*I was given advance access to the audiobook version of this book by the publisher*
I’ve been seeing publicity and marketing for Little Darlings on twitter for months. Very early proofs were carted around London in an old Silver Cross pram, and the aura of spookiness that surrounded the book was something I was quite excited to learn more about. So when an audiobook copy was available, I was very excited to sign up to listen to this story of a new mother, twins, stress, and possibly… magic?
‘Chilling story, beautiful prose. Little Darlings is stunning’ Clare Mackintosh
Leila Slimani’s Lullaby meets Rosemary’s Baby in the most unsettling book of the year. THE TWINS ARE CRYING.
THE TWINS ARE HUNGRY.
LAUREN IS CRYING.
LAUREN IS EXHAUSTED.
Behind the hospital curtain, someone is waiting . . .
After a traumatic birth, Lauren is alone on the maternity ward with her newborn twins. Her husband has gone home. The nurses are doing their rounds. She can’t stop thinking about every danger her babies now face. But all new mothers think like that. Don’t they?
A terrifying encounter in the middle of the night leaves Lauren convinced someone or something is trying to steal her children. But with every step she takes to keep her babies safe, Lauren sinks deeper and deeper into paranoia and fear. From the stark loneliness of returning home after birth, to the confines of a psychiatric unit, Lauren’s desperation increases as no one will listen to her. But here’s the question: is she mad, or does she know something we don’t?
Loosely inspired by the ghostly folktale The Brewery of Eggshells, where a mother becomes convinced her twins are in danger, Little Darlings offers a fresh perspective on modern motherhood, postnatal psychosis and the roles women play. It has always been thus: folk tales do not spring from whimsy; they warn us and teach us, and speak to the fear in us all.
I very much enjoyed this book. Lauren’s newborn exhaustion, more than doubled as she had twins, was so real, I felt every bit of sympathy for her. She’s stressed, overworked, confused, and trying to adjust to how massively life has changed. Her husband is… well, he’s something, anyway, And Lauren’s desperation and confusion and paranoia feels so very real. It was augmented by the audiobook, because you can hear the desperation in her voice as she thinks and talks and acts, so I think that really added to the atmosphere of the book.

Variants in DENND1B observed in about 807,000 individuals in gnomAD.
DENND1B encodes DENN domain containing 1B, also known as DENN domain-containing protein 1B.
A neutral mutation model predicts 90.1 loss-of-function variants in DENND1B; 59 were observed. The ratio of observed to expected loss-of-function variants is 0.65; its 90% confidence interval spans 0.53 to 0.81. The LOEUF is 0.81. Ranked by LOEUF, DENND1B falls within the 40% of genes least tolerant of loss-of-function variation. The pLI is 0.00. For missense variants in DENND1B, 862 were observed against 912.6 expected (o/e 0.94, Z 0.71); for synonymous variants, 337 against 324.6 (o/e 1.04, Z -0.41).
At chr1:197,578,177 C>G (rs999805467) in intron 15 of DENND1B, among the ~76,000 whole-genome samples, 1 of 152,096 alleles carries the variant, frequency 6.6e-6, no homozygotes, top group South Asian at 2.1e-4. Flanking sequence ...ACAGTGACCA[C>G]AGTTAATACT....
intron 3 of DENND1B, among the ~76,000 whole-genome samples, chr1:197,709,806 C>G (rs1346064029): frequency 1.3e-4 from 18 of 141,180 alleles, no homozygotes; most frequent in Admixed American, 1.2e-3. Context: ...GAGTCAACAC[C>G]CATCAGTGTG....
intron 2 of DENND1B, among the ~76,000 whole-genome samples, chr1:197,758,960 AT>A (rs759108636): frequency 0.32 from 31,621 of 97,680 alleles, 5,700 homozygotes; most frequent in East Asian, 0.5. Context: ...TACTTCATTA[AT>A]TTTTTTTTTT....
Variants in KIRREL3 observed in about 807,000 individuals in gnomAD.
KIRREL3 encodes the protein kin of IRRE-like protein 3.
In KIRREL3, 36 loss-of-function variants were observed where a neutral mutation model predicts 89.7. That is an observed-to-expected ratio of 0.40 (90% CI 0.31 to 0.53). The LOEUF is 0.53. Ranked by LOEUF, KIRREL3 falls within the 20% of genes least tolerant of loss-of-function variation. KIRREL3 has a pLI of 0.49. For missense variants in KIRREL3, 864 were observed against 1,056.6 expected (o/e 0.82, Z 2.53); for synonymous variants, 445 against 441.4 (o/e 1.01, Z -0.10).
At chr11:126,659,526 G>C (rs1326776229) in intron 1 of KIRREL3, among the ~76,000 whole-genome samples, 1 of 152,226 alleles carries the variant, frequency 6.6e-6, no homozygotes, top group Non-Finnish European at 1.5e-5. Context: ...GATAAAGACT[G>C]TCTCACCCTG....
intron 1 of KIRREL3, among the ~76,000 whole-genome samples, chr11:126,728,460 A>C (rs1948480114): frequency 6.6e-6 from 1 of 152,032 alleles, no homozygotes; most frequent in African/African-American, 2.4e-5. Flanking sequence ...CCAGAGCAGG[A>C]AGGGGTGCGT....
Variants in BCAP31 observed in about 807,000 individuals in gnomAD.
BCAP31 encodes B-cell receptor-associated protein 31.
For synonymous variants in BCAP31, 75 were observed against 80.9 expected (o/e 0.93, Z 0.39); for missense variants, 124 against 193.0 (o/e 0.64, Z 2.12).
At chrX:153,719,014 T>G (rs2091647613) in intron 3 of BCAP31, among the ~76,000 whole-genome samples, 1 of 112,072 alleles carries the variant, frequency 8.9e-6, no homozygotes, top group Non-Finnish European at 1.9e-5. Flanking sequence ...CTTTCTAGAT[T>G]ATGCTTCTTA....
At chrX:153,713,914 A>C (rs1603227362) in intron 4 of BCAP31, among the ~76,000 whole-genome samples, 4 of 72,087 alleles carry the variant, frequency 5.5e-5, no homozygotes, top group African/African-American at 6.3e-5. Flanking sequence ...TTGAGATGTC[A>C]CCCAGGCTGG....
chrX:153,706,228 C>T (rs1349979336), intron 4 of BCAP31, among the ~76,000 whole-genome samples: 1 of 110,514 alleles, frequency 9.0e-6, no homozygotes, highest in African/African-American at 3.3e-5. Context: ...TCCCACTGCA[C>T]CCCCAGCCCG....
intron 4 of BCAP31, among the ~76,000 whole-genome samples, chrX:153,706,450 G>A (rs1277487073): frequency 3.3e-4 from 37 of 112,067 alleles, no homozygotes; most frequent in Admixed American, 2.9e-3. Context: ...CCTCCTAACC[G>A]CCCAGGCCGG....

On the topic of the audiobook – there was some really great sound recording in this one. Some of the chapters had quotes from old folk tales, and there was one character whose voice was creepily, eerily distorted, and I loved it. I felt like it added so much depth and excitement to the book in a way that my own brain wouldn’t be able to manage, because it can only just about create different voices for different characters.
I think the weakest parts of this book were probably the police procedural bits. The second main character, Harper, was conducting investigations off the books and off the cuff, trying to figure out what was going on, and hampered by her boss’s insistence that she stick to budget and to time. A lot of the time her characterisation felt a little bit false, and although there was a reason given for it, early on in the book, actually, and reiterated at the end, it didn’t really feel like it was a motivation sufficient for Harper’s actions.
And, actually, Lauren’s husband was a terribly dull character. Just your common or garden shit husband, I had no interest in him at all. What a knob. LTB.
The most interesting part of the book, though, was the eerie, supernatural elements which were woven throughout. Lauren is convinced that some kind of supernatural creature has come to change her babies for its own, and this theme of changelings seeps through the book. The creepy, unnatural elements of it are especially prevalent when we’re in Lauren’s head, and create a dark, chilling atmosphere which is terribly uneasy but utterly compelling.
The prologue of the book actually sets the scene for the climax of the action, so we know going in what we’re building up to, but the journey to that point is really what’s interesting as Lauren’s mind unravels and her actions become less and less predictable. You can see Lauren’s desperate actions and increasing paranoia, and totally understand and sympathise with her actions.
The dénouement of the book was excellent. Revelling in the uncertainty of all that came before it, it has the same lack of resolution that actually normally frustrates the hell out of me with magical realism. You never know if there was actually magic going on in these books, and this wrecks my head, because I like things to be concrete. But for Little Darlings, the ambiguity is actually wonderful. It’s the cherry on top of the dark and unsettling fairy tale/nightmare that is Lauren’s life.
Thoroughly enjoyable, creepy, dark, and engaging, Little Darlings is published this Thursday.